During the month of October, I’m following along with Edie & Ruth on their 31 Days of Less & More journey. I’d love for you to join in by reading the posts and completing the projects, or just sit back and read along each day.
Less Coming In, More Contentment
Jesse was going through old financial statements not too long ago and we were aghast to read the numbers. During the first year he was in law school, there were six months when we made less than $900 — and some months it was as low as $650. I recall that season of our lives fairly vividly, but seeing those numbers on paper again after a number of years have past was a shock to our systems.
Our rent alone during those months was over $500. I’m still not sure how we made it on so little! No wonder we rarely ate meat and did so many other pretty “extreme” things. (Yes, we had money in the bank to cover most of law school, but that money was locked up in CDs and we’d both decided that it would be untouchable to us except in the case of a dire, life-threatening emergency.)
Our commitment to live within our means and stay out of debt was hard. There’s no doubt about that.
I remember we’d pay our tithe money, our rent check and our basic utility bills and then we prayed that somehow the rest of the money would stretch until the next check would come in. How we were going to afford basic necessities was constantly looming over our heads.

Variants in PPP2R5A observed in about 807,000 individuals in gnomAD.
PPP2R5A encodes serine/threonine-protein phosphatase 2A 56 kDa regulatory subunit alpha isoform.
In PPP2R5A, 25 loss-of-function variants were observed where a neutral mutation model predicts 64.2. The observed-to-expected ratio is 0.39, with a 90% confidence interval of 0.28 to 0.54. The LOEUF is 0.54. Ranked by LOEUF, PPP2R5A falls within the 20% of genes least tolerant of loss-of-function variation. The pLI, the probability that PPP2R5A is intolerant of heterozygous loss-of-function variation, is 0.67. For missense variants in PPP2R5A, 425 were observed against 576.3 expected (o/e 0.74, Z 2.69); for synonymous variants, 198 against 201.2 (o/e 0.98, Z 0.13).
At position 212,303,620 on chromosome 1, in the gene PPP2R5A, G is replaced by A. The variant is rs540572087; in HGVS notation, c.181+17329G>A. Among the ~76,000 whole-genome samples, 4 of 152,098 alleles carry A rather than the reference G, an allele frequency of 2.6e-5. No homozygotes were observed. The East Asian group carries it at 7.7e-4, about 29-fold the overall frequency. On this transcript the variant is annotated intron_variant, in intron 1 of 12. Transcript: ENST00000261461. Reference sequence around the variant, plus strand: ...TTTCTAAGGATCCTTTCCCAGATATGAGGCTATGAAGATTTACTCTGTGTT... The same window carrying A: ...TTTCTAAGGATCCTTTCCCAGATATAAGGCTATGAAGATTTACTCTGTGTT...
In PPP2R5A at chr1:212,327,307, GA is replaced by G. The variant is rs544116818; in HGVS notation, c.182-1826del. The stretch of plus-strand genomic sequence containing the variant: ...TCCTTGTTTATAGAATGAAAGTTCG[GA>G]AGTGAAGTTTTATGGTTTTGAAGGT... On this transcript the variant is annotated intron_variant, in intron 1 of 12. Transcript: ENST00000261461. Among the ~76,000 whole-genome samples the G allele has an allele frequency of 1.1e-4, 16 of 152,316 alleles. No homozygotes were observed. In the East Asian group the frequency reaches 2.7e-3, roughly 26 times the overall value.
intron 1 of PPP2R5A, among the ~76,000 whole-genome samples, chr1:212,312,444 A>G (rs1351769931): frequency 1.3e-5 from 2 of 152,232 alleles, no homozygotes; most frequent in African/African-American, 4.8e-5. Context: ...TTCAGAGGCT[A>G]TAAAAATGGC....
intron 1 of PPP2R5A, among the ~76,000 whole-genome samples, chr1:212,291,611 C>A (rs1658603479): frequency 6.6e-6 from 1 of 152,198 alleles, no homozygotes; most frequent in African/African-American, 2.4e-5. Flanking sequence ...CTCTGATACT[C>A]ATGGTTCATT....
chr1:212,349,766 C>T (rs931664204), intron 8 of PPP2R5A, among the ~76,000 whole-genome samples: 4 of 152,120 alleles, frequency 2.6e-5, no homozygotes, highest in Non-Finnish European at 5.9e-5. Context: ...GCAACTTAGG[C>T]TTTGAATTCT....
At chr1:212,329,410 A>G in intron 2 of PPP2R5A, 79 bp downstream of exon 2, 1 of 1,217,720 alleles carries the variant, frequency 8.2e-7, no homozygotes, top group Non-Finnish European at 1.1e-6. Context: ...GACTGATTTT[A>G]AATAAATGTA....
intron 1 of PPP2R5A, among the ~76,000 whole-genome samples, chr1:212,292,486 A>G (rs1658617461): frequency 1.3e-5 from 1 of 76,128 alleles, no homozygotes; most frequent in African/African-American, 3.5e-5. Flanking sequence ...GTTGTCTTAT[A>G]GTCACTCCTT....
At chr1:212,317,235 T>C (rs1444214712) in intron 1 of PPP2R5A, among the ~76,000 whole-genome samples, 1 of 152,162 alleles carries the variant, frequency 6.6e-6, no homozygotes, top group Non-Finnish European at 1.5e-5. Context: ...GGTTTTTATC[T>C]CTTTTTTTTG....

And yet, those months were some of the most precious and memorable in our lives. We saw God provide for us in amazing and unexpected ways. We learned to be wildly creative. We were forced to be incredibly entrepreneurial.
Most of all, we discovered that contentment is a state of the heart, unaffected by outward circumstances.
We didn’t have money to buy anything that wasn’t absolutely necessary. And often, we didn’t have money to buy even what seemed like a necessity.
It was so good to learn that stuff doesn’t buy happiness. It’s easy to say that, but living it really solidified it for us.
I tested and tried out the theory — out of necessity — and I learned that it’s really true. You can be wildly fulfilled and content even in the leanest times.
To this day, even though our financial state has changed a great deal, I just don’t spend much money. Because stuff is just stuff. Time with people and making memories matter so much more than the things we own.
Contentment is a choice. So choose today to bloom where you’re planted. Choose to make the most of whatever situation you find yourself in. Choose to stop focusing on what you don’t have and start being thankful for the many blessings you do have.
And remember, no matter what difficulties you might be dealing with today, somebody else would love to be in your shoes.
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